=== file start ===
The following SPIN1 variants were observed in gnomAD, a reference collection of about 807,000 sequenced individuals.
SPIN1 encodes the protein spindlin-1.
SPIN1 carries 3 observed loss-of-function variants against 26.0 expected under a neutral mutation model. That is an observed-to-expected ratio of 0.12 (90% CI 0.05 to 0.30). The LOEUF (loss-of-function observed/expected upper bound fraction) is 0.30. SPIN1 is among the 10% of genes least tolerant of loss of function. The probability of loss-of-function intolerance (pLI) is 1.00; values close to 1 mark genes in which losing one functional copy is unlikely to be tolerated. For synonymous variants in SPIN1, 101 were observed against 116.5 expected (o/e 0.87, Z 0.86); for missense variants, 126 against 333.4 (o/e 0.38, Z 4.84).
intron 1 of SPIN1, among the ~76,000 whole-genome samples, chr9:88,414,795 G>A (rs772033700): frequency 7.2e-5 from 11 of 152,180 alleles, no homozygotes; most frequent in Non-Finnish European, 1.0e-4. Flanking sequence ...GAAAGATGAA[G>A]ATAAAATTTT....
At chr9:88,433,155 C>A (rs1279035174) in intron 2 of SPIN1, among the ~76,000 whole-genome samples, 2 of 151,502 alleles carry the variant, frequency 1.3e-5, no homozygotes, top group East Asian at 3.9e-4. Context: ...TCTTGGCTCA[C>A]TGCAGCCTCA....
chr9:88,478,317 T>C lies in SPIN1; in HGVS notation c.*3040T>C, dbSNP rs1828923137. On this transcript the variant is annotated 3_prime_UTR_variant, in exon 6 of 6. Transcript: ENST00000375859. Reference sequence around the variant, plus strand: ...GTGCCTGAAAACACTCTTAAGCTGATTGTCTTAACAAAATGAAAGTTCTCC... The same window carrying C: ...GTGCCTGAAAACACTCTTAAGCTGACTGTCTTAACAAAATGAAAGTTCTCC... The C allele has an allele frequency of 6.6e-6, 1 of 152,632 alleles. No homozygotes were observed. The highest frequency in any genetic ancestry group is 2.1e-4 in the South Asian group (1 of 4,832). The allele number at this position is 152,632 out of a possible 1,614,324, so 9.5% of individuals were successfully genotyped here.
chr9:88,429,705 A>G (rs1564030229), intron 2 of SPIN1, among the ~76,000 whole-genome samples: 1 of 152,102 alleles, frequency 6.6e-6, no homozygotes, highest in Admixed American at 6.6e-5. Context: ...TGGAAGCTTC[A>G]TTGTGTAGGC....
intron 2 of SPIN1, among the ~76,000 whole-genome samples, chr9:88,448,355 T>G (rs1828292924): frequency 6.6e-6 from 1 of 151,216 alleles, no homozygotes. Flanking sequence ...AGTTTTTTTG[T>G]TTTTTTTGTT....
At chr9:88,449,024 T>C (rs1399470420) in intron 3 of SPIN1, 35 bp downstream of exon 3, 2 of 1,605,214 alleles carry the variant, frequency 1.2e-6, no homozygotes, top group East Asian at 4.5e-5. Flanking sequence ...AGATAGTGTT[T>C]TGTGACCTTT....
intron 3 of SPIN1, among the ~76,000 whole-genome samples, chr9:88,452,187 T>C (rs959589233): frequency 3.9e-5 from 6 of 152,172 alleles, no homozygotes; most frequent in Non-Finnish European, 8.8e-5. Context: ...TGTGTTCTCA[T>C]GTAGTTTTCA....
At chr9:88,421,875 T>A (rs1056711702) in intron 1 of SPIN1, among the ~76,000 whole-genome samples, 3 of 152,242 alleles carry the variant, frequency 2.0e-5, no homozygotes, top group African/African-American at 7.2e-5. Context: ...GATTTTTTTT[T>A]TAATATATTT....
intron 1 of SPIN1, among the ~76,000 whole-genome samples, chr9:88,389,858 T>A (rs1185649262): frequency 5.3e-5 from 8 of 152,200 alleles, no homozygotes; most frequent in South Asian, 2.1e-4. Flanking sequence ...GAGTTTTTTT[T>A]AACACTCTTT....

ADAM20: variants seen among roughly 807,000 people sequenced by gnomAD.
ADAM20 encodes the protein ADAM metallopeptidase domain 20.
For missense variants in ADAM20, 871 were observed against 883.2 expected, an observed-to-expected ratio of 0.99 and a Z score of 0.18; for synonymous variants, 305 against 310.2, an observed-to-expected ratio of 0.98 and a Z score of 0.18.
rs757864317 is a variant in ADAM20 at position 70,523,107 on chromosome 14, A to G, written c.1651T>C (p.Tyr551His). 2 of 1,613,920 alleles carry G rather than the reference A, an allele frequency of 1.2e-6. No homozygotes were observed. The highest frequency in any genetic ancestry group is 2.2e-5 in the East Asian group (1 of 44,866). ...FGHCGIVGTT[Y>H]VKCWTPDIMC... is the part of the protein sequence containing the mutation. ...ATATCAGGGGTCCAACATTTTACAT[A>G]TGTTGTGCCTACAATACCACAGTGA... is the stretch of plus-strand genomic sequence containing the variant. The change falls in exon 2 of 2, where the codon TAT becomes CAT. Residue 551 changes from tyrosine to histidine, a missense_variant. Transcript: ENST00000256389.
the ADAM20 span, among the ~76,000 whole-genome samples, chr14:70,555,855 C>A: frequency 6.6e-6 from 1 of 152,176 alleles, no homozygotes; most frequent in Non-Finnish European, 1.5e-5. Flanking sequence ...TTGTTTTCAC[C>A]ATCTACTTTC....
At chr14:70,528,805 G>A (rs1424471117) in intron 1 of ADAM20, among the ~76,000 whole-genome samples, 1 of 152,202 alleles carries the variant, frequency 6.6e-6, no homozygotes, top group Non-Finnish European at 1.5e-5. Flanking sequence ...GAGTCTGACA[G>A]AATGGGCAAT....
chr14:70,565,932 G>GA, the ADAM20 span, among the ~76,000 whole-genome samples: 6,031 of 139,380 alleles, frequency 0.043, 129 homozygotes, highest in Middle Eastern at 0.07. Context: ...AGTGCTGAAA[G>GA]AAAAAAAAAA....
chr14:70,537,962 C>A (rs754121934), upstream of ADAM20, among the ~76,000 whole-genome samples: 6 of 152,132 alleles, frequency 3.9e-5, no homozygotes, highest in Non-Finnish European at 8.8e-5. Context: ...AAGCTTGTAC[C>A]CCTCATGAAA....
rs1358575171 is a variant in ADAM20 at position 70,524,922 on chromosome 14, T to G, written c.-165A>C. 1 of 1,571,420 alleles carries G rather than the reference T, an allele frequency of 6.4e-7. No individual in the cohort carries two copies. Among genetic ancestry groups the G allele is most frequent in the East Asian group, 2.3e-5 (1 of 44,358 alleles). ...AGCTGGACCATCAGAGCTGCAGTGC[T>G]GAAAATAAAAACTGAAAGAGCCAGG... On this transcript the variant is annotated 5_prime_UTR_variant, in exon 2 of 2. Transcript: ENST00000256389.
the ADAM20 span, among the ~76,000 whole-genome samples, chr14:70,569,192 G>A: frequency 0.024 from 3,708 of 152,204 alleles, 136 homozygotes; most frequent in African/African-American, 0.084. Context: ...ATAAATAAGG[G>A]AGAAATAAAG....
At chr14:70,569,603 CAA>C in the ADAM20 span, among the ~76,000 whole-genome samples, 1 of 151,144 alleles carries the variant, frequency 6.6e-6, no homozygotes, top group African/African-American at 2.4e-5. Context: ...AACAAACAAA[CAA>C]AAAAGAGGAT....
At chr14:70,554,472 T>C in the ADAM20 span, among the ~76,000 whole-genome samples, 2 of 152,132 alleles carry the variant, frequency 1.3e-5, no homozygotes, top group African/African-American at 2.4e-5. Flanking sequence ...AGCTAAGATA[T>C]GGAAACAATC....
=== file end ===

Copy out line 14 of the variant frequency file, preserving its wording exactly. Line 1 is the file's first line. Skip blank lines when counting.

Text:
ADAM20 encodes the protein ADAM metallopeptidase domain 20.